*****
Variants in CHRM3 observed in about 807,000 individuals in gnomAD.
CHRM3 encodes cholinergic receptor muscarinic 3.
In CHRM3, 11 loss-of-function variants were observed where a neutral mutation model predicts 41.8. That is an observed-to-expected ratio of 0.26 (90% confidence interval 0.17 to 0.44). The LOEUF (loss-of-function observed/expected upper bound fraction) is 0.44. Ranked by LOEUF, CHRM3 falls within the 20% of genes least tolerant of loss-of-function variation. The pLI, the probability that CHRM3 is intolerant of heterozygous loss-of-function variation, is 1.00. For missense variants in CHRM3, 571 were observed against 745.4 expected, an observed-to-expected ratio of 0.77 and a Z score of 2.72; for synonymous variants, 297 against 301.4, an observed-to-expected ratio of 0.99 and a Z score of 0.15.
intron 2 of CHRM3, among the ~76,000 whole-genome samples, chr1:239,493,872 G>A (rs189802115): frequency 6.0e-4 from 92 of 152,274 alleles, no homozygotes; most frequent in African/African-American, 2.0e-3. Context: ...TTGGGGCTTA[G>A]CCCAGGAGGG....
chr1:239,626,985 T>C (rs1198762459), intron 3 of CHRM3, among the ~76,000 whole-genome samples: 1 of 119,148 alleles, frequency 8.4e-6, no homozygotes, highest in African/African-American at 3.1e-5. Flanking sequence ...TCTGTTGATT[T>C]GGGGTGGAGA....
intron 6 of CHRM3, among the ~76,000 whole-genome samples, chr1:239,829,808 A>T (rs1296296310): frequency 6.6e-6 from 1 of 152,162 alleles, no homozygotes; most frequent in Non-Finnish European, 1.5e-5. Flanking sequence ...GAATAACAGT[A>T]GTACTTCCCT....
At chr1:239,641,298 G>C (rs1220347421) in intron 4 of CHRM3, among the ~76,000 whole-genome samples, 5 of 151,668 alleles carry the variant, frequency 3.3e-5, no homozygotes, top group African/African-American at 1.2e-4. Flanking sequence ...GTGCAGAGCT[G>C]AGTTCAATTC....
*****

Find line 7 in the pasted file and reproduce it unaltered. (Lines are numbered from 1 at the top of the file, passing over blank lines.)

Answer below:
At chr1:239,641,298 G>C (rs1220347421) in intron 4 of CHRM3, among the ~76,000 whole-genome samples, 5 of 151,668 alleles carry the variant, frequency 3.3e-5, no homozygotes, top group African/African-American at 1.2e-4. Flanking sequence ...GTGCAGAGCT[G>C]AGTTCAATTC....